Port of Aruba
Find a Cruise to Aruba
Beyond that, Aruba has a rich, layered heritage. The first people to inhabit the island were a nation of Arawak Indians. (The name Aruba seems to have derived from the Arawak Indian word oibubai, which means guide.) In 1499, the Spanish explorer Alonso de Ojeda laid claim to the territory for Queen Isabella. Nearly 200 years later, the Dutch captured the islands of Aruba, Curacao and Bonaire from the Spanish, and much of that heritage can be seen in its pastel Old World architecture.
But let's face it -- we don't come here for the history. We come here for the diversions, and Aruba is the Caribbean's theme park. There are casinos, duty-free shops, more than two dozen dive sites, noteworthy shipwrecks and a championship golf course, lined with cacti and populated by friendly iguanas. Aruba's trademark divi divi trees always point in a southwesterly direction (due to trade winds that blow from the northeast), but we like to think they're leading the way to the sandy beaches that ring the island in the shape of a cheery smile.
Best of all, there really is no bad time to visit Aruba. Located only 20 miles north of Venezuela, temperatures are consistently pleasant (lows in the 70s, highs in the 80s), there's no "rainy" season, and its location is far below the Atlantic hurricane belt, so it's less likely to be impacted by storms. Aruba's dry climate is home to large mondis (forests of cacti), and you may feel like you are in Arizona, rather than the Caribbean!
Where You're Docked
You'll be anchored in downtown Oranjestad, Aruba's capital city. The terminal features the Tourism, Culture and Heritage Information Center, phones, ATMs and small souvenir shops.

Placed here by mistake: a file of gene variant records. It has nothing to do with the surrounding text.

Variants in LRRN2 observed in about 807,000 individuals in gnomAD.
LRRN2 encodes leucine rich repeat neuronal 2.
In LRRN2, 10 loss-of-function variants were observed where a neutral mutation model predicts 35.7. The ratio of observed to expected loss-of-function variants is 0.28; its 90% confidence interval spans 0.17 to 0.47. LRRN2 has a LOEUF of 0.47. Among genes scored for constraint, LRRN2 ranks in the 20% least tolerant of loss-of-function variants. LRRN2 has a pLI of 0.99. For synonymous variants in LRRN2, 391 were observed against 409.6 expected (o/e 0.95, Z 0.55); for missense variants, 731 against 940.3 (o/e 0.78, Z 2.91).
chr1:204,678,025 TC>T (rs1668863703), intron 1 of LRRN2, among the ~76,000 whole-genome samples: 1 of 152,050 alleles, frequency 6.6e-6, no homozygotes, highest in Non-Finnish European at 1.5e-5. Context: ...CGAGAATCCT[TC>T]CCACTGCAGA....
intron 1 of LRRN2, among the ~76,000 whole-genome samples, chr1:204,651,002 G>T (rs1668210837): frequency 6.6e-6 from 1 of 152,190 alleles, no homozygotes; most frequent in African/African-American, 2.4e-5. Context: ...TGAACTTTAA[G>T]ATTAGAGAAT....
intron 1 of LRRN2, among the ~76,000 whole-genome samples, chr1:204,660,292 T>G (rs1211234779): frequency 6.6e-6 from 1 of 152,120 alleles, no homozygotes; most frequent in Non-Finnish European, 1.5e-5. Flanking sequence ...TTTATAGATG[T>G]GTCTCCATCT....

Good to Know
If you are planning on driving, use caution on the roads, as some international signs may be unfamiliar. (Driving is on the right side of the road.) Also, exercise the same common sense and safety as you would in any foreign location, particularly if your ship stays in town late and you decide to walk into town at night.
Currency & Best Way to Get Money
The official currency is the Aruban florin, approximately 1.79 to the U.S. dollar. However, U.S. currency is widely accepted, and some banks' ATMs will even dispense it, including the Caribbean Mercantile Bank in the cruise terminal next to the information center.
Most locals speak English, Spanish and Dutch, as well as Papiamento -- a language native to the ABC islands. If someone says, "Bon bini," he or she is welcoming you to Aruba.
The local grocery store is a must for bringing back edible mementos, such as Dutch coffees, chocolates and cheeses. (Customs allows one pound of hard cheese back into the U.S.)
Try the legendary Pink Iguana -- a concoction of frozen strawberries, pineapple, rum and coconut cream -- at Iguana Joe's Caribbean Bar & Grill (right next to the port, open from 11 a.m.). Or throw back a Balashi, the local brew.
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